NetChoice, the Supreme Court, and the State Action Doctrine

Cite this Article
Ben Sperry, NetChoice, the Supreme Court, and the State Action Doctrine, Truth on the Market (February 28, 2024),

George Orwell’s “Nineteen Eighty-Four” is frequently invoked when political actors use language to obfuscate what they are doing. Ambiguity in language can allow both sides to appeal to the same words, like “the First Amendment” or “freedom of speech.” In a sense, the arguments over online speech currently before the U.S. Supreme Court really amount to a debate about whether private actors can “censor” in the same sense as the government. 

In the oral arguments in this week’s NetChoice cases, several questions from Justices Clarence Thomas and Samuel Alito suggested that they believed social-media companies engaged in “censorship,” conflating the right of private actors to set rules for their property with government oppression. This is an abuse of language, and completely inconsistent with Supreme Court precedent that differentiates between state and private action.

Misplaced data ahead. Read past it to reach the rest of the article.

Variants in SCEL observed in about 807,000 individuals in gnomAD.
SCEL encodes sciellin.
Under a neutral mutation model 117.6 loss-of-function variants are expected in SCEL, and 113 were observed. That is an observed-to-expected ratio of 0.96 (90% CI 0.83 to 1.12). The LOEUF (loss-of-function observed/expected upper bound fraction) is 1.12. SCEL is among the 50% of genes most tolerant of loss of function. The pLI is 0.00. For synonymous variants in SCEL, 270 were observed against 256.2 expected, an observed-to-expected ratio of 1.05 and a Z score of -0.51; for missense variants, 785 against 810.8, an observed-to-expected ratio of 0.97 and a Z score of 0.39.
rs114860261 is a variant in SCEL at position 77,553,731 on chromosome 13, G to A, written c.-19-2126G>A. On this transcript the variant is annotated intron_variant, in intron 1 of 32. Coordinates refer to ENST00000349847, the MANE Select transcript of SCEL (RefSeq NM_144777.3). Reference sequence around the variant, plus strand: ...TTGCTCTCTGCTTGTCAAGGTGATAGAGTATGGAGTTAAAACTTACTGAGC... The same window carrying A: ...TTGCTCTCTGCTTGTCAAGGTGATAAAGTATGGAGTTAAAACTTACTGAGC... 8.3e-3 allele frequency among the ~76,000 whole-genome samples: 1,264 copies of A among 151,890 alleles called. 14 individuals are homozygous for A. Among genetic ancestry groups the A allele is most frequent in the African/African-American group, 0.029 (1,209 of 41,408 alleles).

This is well-worn ground. In Manhattan Cmty. Access Corp. v. Halleck, the Court (including both Thomas and Alito) was crystal clear about the distinction between government and private actors, emphasizing that the state-action doctrine was fundamental to understanding the First Amendment’s protections. Just a short survey of quotes from the case make abundantly clear that the First Amendment only applies to government actors:

The Free Speech Clause of the First Amendment constrains governmental actors and protects private actors. To draw the line between governmental and private, this Court applies what is known as the state-action doctrine.